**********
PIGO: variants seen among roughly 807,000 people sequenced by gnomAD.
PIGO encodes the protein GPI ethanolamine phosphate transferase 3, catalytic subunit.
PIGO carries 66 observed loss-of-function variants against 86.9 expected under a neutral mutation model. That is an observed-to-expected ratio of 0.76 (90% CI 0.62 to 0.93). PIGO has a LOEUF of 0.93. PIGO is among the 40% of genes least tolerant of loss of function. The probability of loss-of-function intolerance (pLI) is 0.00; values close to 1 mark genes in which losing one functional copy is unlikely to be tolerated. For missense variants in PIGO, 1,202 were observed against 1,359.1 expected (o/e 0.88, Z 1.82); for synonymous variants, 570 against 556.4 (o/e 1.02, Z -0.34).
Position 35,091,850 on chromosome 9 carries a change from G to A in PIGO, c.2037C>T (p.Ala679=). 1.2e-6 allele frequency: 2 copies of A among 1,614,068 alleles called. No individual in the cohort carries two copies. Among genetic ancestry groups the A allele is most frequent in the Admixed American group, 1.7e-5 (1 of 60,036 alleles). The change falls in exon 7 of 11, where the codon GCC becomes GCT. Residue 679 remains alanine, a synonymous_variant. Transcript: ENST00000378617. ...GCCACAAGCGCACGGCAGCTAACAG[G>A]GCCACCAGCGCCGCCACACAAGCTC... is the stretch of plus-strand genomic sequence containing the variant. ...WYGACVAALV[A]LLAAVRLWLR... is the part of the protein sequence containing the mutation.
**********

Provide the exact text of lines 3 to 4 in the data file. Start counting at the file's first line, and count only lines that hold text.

PIGO carries 66 observed loss-of-function variants against 86.9 expected under a neutral mutation model. That is an observed-to-expected ratio of 0.76 (90% CI 0.62 to 0.93). PIGO has a LOEUF of 0.93. PIGO is among the 40% of genes least tolerant of loss of function. The probability of loss-of-function intolerance (pLI) is 0.00; values close to 1 mark genes in which losing one functional copy is unlikely to be tolerated. For missense variants in PIGO, 1,202 were observed against 1,359.1 expected (o/e 0.88, Z 1.82); for synonymous variants, 570 against 556.4 (o/e 1.02, Z -0.34).
Position 35,091,850 on chromosome 9 carries a change from G to A in PIGO, c.2037C>T (p.Ala679=). 1.2e-6 allele frequency: 2 copies of A among 1,614,068 alleles called. No individual in the cohort carries two copies. Among genetic ancestry groups the A allele is most frequent in the Admixed American group, 1.7e-5 (1 of 60,036 alleles). The change falls in exon 7 of 11, where the codon GCC becomes GCT. Residue 679 remains alanine, a synonymous_variant. Transcript: ENST00000378617. ...GCCACAAGCGCACGGCAGCTAACAG[G>A]GCCACCAGCGCCGCCACACAAGCTC... is the stretch of plus-strand genomic sequence containing the variant. ...WYGACVAALV[A]LLAAVRLWLR... is the part of the protein sequence containing the mutation.